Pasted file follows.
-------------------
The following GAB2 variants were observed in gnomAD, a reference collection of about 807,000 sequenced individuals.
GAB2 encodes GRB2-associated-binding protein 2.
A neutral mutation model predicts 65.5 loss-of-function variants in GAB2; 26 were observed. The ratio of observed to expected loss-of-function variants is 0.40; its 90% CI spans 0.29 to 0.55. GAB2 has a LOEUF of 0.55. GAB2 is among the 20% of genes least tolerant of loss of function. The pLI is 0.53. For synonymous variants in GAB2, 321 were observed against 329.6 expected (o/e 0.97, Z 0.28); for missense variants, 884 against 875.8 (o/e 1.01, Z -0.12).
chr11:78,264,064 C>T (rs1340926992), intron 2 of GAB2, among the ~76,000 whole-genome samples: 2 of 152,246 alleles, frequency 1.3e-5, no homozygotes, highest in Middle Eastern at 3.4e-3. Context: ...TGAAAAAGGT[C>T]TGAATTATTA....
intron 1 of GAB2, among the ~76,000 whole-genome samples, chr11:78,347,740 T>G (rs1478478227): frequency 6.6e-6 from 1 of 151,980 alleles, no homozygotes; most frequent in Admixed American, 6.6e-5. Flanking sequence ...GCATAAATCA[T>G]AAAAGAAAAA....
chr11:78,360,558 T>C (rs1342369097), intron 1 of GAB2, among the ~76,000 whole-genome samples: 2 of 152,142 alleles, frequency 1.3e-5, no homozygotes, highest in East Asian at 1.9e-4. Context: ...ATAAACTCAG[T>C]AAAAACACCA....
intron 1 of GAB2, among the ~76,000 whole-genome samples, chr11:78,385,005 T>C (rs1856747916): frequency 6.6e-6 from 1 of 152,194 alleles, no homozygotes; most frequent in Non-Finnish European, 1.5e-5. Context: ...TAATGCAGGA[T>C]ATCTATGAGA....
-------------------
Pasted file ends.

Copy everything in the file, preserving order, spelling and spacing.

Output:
The following GAB2 variants were observed in gnomAD, a reference collection of about 807,000 sequenced individuals.
GAB2 encodes GRB2-associated-binding protein 2.
A neutral mutation model predicts 65.5 loss-of-function variants in GAB2; 26 were observed. The ratio of observed to expected loss-of-function variants is 0.40; its 90% CI spans 0.29 to 0.55. GAB2 has a LOEUF of 0.55. GAB2 is among the 20% of genes least tolerant of loss of function. The pLI is 0.53. For synonymous variants in GAB2, 321 were observed against 329.6 expected (o/e 0.97, Z 0.28); for missense variants, 884 against 875.8 (o/e 1.01, Z -0.12).
chr11:78,264,064 C>T (rs1340926992), intron 2 of GAB2, among the ~76,000 whole-genome samples: 2 of 152,246 alleles, frequency 1.3e-5, no homozygotes, highest in Middle Eastern at 3.4e-3. Context: ...TGAAAAAGGT[C>T]TGAATTATTA....
intron 1 of GAB2, among the ~76,000 whole-genome samples, chr11:78,347,740 T>G (rs1478478227): frequency 6.6e-6 from 1 of 151,980 alleles, no homozygotes; most frequent in Admixed American, 6.6e-5. Flanking sequence ...GCATAAATCA[T>G]AAAAGAAAAA....
chr11:78,360,558 T>C (rs1342369097), intron 1 of GAB2, among the ~76,000 whole-genome samples: 2 of 152,142 alleles, frequency 1.3e-5, no homozygotes, highest in East Asian at 1.9e-4. Context: ...ATAAACTCAG[T>C]AAAAACACCA....
intron 1 of GAB2, among the ~76,000 whole-genome samples, chr11:78,385,005 T>C (rs1856747916): frequency 6.6e-6 from 1 of 152,194 alleles, no homozygotes; most frequent in Non-Finnish European, 1.5e-5. Context: ...TAATGCAGGA[T>C]ATCTATGAGA....